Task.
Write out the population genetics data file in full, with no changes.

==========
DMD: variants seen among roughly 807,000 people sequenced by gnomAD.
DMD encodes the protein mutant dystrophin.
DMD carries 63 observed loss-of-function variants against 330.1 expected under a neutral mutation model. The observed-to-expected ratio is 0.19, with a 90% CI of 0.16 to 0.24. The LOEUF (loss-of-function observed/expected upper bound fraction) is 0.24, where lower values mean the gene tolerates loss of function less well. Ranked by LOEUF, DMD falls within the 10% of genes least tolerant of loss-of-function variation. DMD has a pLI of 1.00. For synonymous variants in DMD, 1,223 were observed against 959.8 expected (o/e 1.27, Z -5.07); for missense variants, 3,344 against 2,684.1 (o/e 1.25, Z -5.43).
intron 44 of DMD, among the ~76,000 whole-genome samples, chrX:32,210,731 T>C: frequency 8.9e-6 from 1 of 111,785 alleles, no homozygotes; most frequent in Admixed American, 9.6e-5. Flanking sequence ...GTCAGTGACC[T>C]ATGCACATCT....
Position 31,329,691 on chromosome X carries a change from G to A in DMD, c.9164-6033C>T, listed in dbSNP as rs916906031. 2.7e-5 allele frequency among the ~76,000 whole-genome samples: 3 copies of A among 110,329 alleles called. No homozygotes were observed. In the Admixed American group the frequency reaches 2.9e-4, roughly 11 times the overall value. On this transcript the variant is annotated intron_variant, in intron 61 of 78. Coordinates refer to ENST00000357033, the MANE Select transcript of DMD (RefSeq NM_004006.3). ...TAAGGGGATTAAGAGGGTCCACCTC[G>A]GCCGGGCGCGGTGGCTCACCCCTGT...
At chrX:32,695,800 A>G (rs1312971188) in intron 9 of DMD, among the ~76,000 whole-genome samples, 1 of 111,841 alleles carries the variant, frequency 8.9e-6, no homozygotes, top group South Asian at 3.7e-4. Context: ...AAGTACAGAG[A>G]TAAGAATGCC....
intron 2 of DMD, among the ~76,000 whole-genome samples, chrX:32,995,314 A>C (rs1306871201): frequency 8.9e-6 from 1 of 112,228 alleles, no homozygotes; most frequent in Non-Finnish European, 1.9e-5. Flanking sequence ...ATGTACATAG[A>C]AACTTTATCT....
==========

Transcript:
DMD: variants seen among roughly 807,000 people sequenced by gnomAD.
DMD encodes the protein mutant dystrophin.
DMD carries 63 observed loss-of-function variants against 330.1 expected under a neutral mutation model. The observed-to-expected ratio is 0.19, with a 90% CI of 0.16 to 0.24. The LOEUF (loss-of-function observed/expected upper bound fraction) is 0.24, where lower values mean the gene tolerates loss of function less well. Ranked by LOEUF, DMD falls within the 10% of genes least tolerant of loss-of-function variation. DMD has a pLI of 1.00. For synonymous variants in DMD, 1,223 were observed against 959.8 expected (o/e 1.27, Z -5.07); for missense variants, 3,344 against 2,684.1 (o/e 1.25, Z -5.43).
intron 44 of DMD, among the ~76,000 whole-genome samples, chrX:32,210,731 T>C: frequency 8.9e-6 from 1 of 111,785 alleles, no homozygotes; most frequent in Admixed American, 9.6e-5. Flanking sequence ...GTCAGTGACC[T>C]ATGCACATCT....
Position 31,329,691 on chromosome X carries a change from G to A in DMD, c.9164-6033C>T, listed in dbSNP as rs916906031. 2.7e-5 allele frequency among the ~76,000 whole-genome samples: 3 copies of A among 110,329 alleles called. No homozygotes were observed. In the Admixed American group the frequency reaches 2.9e-4, roughly 11 times the overall value. On this transcript the variant is annotated intron_variant, in intron 61 of 78. Coordinates refer to ENST00000357033, the MANE Select transcript of DMD (RefSeq NM_004006.3). ...TAAGGGGATTAAGAGGGTCCACCTC[G>A]GCCGGGCGCGGTGGCTCACCCCTGT...
At chrX:32,695,800 A>G (rs1312971188) in intron 9 of DMD, among the ~76,000 whole-genome samples, 1 of 111,841 alleles carries the variant, frequency 8.9e-6, no homozygotes, top group South Asian at 3.7e-4. Context: ...AAGTACAGAG[A>G]TAAGAATGCC....
intron 2 of DMD, among the ~76,000 whole-genome samples, chrX:32,995,314 A>C (rs1306871201): frequency 8.9e-6 from 1 of 112,228 alleles, no homozygotes; most frequent in Non-Finnish European, 1.9e-5. Flanking sequence ...ATGTACATAG[A>C]AACTTTATCT....